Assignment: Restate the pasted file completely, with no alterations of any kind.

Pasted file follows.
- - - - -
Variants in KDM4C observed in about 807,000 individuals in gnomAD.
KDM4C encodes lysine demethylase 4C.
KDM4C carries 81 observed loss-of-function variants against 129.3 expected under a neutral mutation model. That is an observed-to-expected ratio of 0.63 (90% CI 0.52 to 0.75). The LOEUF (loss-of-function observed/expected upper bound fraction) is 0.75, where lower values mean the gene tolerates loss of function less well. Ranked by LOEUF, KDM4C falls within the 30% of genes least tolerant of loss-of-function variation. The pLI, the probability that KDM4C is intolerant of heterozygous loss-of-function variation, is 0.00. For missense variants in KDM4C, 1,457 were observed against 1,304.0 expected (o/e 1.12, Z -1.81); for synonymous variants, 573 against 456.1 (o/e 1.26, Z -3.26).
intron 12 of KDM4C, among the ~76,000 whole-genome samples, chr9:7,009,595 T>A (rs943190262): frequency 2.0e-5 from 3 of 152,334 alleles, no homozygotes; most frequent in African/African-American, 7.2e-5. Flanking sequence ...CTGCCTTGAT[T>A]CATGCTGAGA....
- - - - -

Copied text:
Variants in KDM4C observed in about 807,000 individuals in gnomAD.
KDM4C encodes lysine demethylase 4C.
KDM4C carries 81 observed loss-of-function variants against 129.3 expected under a neutral mutation model. That is an observed-to-expected ratio of 0.63 (90% CI 0.52 to 0.75). The LOEUF (loss-of-function observed/expected upper bound fraction) is 0.75, where lower values mean the gene tolerates loss of function less well. Ranked by LOEUF, KDM4C falls within the 30% of genes least tolerant of loss-of-function variation. The pLI, the probability that KDM4C is intolerant of heterozygous loss-of-function variation, is 0.00. For missense variants in KDM4C, 1,457 were observed against 1,304.0 expected (o/e 1.12, Z -1.81); for synonymous variants, 573 against 456.1 (o/e 1.26, Z -3.26).
intron 12 of KDM4C, among the ~76,000 whole-genome samples, chr9:7,009,595 T>A (rs943190262): frequency 2.0e-5 from 3 of 152,334 alleles, no homozygotes; most frequent in African/African-American, 7.2e-5. Flanking sequence ...CTGCCTTGAT[T>A]CATGCTGAGA....